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Travel - China Quartet (Provinces) 2

Updated on October 24, 2020
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Lee has a PhD in philosophy, but when cooking, Lee is more like an experimental scientist than an abstract thinker. But lots of ideas.

Far out

Xinjiang, Qinghai, Gansu, Inner Mongolia (Nei Mongol).

Only the most intrepid and adventuresome foreigners travel to these remote places (even fewer Chinese do so?), but this of course is one of the things that make them attractive.

It has been said that the function of these provinces is to maintain a barrier between "China proper" and the troublesome tribes that bounce around in the vast territory of Central Asia.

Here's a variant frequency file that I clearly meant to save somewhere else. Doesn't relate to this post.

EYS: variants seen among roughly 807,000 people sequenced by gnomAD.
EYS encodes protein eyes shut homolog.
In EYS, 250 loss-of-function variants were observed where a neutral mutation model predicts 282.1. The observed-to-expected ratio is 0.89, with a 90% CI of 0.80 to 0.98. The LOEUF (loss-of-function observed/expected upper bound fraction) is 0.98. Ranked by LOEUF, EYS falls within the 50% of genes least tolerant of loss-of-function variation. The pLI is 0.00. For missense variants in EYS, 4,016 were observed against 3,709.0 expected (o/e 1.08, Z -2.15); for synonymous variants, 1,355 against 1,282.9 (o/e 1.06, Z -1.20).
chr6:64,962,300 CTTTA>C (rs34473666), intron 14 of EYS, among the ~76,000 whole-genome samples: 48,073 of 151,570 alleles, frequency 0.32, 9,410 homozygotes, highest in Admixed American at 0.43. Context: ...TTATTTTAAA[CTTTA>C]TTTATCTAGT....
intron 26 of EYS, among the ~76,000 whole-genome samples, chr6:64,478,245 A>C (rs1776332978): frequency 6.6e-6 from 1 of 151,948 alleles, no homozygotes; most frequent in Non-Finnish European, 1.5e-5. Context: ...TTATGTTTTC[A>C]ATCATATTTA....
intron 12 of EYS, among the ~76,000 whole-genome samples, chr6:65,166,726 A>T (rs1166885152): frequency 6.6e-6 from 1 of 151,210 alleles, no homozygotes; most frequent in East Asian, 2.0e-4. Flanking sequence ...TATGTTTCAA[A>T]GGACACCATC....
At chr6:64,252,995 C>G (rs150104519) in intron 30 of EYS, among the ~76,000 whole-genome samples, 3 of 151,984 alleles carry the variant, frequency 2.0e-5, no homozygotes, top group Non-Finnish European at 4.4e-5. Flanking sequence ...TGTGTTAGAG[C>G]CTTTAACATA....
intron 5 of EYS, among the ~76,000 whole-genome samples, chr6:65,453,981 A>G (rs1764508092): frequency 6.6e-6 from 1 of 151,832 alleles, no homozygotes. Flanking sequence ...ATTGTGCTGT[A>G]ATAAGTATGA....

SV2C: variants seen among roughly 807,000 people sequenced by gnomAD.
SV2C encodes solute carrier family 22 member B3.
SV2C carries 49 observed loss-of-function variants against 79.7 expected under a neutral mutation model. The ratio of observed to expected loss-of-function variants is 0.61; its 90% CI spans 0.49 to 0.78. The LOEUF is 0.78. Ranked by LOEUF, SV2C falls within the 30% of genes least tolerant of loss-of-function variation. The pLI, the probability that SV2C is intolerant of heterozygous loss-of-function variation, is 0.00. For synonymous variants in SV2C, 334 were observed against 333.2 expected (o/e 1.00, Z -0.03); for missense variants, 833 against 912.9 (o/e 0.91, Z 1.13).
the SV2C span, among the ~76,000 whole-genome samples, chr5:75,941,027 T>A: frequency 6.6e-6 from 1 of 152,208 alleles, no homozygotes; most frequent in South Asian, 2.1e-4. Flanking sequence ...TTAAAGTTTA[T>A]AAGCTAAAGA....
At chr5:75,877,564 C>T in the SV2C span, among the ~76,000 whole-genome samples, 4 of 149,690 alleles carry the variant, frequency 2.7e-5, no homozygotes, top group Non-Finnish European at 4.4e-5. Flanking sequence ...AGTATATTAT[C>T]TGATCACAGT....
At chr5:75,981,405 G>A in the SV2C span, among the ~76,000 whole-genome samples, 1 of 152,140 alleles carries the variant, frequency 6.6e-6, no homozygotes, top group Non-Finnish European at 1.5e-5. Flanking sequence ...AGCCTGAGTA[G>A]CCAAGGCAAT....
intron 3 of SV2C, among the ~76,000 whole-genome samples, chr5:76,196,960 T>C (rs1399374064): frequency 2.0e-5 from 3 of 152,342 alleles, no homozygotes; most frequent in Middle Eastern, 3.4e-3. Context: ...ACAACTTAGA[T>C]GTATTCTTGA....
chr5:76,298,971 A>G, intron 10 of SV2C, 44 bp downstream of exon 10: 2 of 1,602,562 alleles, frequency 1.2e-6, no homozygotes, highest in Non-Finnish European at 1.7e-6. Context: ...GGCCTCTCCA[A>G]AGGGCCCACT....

They are also a good place to which to banish crooked, or under-performing, Mandarins (think "high officials"). Many suffered this fate over the centuries, though many of those found that being far away from Beijing was a boon.

You might find these provinces a boon, too. It helps to know something about them before you go, of course, and the treatments here are intended to get you started.

Oh yes, and if you've never heard of Gansu, you are not alone. But read on and you will have at least dipped your toe in that desert province.

Xinjiang Province

Even vaster than Qinghai:

One province but 16% of the total land area of China. It takes five hours to fly from Beijing, the capital of the nation, to Urumqi, the capital of the province. And Urumqi is about 1,500 km/1,000 miles NE of Kashgar, which is in the same province.

Xinjiang is known for its remoteness, its vast deserts and mountains, its ethnic minorities, and its fruit. Particularly melons and grapes, though increasingly for "fragrant pears".